For the first time in Sri Lanka, the health benefits of this Cinnamon are coming under the microscope in a comprehensive, multi-centre scientific study.
Spices they came in search of to Ceylon in the Old World amongst which was the much-sought after cinnamon or kurundu. These days, housewives break off pieces of this spice and stir into steaming curries to get that extra zest, without a second thought.
The team from the Sri Jayewardenepura University’s Interdisciplinary Centre for Innovation in Biotechnology & Neuroscience, Faculty of Medical Sciences headed by Director Prof. Ranil de Silva is, however, looking at a different aspect – the health benefits of cinnamon.
“Cinnamon is a multifaceted medicinal plant which primarily contains vital oils and other derivatives. It has antioxidant, anti-inflammatory, anti-diabetic, anti-microbial, anti-cancer, lipid-lowering, cardiovascular-disease-lowering properties and also acts against neurological disorders, such as Parkinson’s and Alzheimer’s diseases,” says Prof. de Silva.
This is why cinnamon is under the microscope in a comprehensive, multi-centre scientific study ever undertaken in Sri Lanka by a multidisciplinary team comprising scientific and medical researchers from the Sri Jayewardenepura University’s Faculties of Medical Sciences, Applied Sciences, Management Studies and Technology; the Kelaniya University’s Faculty of Science; and the Colombo University’s Institute of Indigenous Medicine.
Prof. Ranil de Silva at Thursday’s meeting
The Department of Export Agriculture, Peradeniya, is also part of the programme, while the team has won a competitive research grant to the value of Rs. 27.7 million to study the ‘Potential protective roles of Ceylon Cinnamon in health, leading to product development’ from the Primary Industries Ministry.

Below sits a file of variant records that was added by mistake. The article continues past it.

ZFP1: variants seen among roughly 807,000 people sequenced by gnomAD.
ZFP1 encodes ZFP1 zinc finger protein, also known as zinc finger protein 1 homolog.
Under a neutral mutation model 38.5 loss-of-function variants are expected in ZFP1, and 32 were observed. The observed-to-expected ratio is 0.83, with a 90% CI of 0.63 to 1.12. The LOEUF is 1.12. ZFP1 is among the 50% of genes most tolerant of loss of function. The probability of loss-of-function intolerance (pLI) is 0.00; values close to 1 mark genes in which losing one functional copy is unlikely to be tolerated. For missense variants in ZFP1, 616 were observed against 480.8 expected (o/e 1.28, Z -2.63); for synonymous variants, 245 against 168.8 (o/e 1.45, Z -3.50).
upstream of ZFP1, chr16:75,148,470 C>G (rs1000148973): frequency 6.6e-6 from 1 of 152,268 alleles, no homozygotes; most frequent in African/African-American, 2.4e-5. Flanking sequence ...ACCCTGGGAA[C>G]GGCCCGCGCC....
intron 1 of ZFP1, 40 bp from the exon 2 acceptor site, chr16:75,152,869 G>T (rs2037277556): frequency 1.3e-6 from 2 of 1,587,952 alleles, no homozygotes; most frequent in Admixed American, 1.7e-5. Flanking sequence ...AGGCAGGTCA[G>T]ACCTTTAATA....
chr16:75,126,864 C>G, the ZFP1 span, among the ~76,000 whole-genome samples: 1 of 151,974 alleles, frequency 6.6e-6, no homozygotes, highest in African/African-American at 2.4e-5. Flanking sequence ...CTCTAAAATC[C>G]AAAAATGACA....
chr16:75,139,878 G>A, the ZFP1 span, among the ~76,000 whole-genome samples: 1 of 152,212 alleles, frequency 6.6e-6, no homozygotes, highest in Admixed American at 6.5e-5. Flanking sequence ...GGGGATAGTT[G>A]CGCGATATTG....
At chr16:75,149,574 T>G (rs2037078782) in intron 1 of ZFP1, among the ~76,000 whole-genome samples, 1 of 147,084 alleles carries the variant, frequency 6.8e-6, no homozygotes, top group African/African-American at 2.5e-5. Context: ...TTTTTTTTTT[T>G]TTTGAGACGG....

From across the seas, international collaboration and funding are being extended by Japan’s National Institute of Advanced Industrial Science and Technology (AIST), the 7th innovation centre in the world, along with India’s Department of Bio Technology (DBT) under the Science and Technology Ministry; the European Graduate School of Neuroscience (EURON); America’s George Washington University; Sweden’s Gothenburg University; and Australia’s Queensland University of Technology.
Pointing out that Sri Lanka is the only country exporting authentic cinnamon, Prof. de Silva reiterates, however, that there is no significant value-addition to cinnamon products manufactured at grassroots level. The popular export products are in the form of quills, with quality mainly being decided by importers to match their quality standards. Thus the actual economic value of cinnamon cannot be evaluated.
Getting down to detail, he says that cinnamon is one of the oldest spices used in traditional medicine and while about 250 species have been identified so far, it is just four that are used to obtain the spice. True or Ceylon Cinnamon (Cinnamomum verum or C. zeylanicum) is a small evergreen tree native to Sri Lanka which produces the highest-grade pure cinnamon, while the Chinese cassia cinnamon (Cinnamomum cassia) is the other most widely available species.
With its distinctive flavour and aroma, cinnamon is not only used as a food ingredient in bakery products, Asian foods, desserts, spicy candies, hot cocoa, liqueurs and tea but also in pharmaceutical preparations and the cosmetic industry. It is a common ingredient in various products such as lipstick, toothpaste, mouthwash, chewing gum, soap, nasal sprays and cough syrups.
“Sri Lanka is the world’s largest producer and exporter of pure cinnamon and pure Ceylon Cinnamon suppliers have around 70% of the global market-share,” says Prof. de Silva, adding, however, that export earnings from cinnamon have stagnated in recent years.
Ceylon Cinnamon is categorised into four major grades — Alba, Continental, Mexican and Hamburg based on the diameter of the quill and the most expensive (Alba) quill has a six-mm diameter.
Prof. de Silva’s contention is that with value-additions, especially considering its potential health benefits, cinnamon could be exported in the form of oil, powder and tablets, bringing in more foreign exchange to the country.
An interview conducted on “Cinnamon: From exotic to curative” by Prof. Ranil De Silva, Director of Interdisciplinary Center for Innovation in Biotechnology & Neuroscience, Director of World Class Universities Grant Project has been published, in the Sunday Times newspaper on 26th February 2017 (Sunday)- page 12 main section (News).
View newspaper article at: http://www.sundaytimes.lk/170226/news/cinnamon-from-exotic-to-curative-230519.html